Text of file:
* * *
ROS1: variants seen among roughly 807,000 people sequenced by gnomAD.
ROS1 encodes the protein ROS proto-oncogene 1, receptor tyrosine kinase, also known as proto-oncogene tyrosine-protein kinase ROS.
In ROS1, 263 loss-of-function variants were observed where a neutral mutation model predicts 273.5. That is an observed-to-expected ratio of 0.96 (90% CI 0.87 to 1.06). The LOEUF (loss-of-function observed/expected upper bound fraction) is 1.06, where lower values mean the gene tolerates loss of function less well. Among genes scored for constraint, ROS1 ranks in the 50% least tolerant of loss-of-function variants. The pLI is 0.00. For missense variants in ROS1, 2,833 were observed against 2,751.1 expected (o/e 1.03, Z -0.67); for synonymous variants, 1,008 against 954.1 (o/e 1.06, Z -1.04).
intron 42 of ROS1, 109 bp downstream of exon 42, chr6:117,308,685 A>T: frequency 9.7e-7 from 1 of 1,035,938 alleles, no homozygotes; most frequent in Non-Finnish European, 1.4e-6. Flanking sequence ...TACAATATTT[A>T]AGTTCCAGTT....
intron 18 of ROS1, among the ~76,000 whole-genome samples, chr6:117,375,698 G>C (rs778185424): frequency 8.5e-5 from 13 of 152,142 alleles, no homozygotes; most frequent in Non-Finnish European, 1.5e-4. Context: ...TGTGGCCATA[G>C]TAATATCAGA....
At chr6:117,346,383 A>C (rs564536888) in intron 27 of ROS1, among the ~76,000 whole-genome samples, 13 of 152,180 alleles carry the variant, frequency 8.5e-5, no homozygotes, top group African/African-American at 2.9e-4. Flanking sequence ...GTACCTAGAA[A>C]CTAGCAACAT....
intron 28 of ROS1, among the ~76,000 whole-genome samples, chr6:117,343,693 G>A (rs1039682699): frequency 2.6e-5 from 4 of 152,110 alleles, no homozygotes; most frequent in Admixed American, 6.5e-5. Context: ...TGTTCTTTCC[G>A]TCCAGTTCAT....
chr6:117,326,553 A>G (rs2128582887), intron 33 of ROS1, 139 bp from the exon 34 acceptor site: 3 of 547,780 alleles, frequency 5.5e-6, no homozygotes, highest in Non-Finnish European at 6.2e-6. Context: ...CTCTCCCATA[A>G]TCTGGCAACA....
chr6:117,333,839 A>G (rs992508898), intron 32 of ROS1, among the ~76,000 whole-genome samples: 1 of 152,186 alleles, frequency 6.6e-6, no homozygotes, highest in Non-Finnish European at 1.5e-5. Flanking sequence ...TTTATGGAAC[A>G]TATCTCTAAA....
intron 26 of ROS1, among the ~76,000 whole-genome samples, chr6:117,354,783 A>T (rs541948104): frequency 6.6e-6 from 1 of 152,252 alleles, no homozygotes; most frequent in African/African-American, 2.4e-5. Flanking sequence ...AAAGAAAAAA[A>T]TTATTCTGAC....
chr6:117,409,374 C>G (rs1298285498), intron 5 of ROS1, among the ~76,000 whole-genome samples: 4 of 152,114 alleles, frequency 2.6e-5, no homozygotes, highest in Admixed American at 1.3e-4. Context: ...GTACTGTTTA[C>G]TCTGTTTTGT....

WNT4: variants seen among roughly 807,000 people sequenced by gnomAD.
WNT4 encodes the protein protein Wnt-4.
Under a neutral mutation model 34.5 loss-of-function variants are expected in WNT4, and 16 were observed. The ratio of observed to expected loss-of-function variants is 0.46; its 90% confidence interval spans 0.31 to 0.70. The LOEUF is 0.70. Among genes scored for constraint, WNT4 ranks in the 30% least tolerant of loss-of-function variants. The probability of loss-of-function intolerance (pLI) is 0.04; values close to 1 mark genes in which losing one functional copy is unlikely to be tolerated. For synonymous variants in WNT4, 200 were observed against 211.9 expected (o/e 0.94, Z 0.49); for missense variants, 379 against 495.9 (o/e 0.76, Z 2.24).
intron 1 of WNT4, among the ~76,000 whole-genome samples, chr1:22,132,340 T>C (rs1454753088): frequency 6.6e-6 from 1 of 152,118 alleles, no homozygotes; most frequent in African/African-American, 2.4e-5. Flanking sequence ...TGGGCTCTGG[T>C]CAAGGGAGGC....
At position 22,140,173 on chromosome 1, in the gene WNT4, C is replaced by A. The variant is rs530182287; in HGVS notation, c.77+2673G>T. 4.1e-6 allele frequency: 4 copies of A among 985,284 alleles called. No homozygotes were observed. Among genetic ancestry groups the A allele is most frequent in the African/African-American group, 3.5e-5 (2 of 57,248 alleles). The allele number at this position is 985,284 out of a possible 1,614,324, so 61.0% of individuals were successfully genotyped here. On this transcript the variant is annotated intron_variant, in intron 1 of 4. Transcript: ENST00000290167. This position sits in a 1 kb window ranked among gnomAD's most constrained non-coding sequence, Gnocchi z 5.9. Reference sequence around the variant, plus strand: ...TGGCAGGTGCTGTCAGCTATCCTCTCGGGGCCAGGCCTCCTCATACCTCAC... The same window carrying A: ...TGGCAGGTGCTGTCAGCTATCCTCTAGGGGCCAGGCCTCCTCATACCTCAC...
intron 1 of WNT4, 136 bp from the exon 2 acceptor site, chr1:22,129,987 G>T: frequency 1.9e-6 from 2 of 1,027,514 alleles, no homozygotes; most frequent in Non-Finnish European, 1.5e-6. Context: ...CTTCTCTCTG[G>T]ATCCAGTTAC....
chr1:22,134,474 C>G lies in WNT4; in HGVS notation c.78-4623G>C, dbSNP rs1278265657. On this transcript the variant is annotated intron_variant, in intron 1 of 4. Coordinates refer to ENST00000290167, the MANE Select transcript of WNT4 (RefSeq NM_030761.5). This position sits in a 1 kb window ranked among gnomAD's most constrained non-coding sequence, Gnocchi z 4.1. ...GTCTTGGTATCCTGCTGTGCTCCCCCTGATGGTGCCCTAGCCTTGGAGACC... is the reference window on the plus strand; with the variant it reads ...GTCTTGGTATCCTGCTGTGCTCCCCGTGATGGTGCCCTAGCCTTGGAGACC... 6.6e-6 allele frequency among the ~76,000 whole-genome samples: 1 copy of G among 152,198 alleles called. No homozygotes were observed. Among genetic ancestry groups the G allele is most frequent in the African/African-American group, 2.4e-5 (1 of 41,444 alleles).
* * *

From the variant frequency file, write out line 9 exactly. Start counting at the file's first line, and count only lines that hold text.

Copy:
chr6:117,333,839 A>G (rs992508898), intron 32 of ROS1, among the ~76,000 whole-genome samples: 1 of 152,186 alleles, frequency 6.6e-6, no homozygotes, highest in Non-Finnish European at 1.5e-5. Flanking sequence ...TTTATGGAAC[A>G]TATCTCTAAA....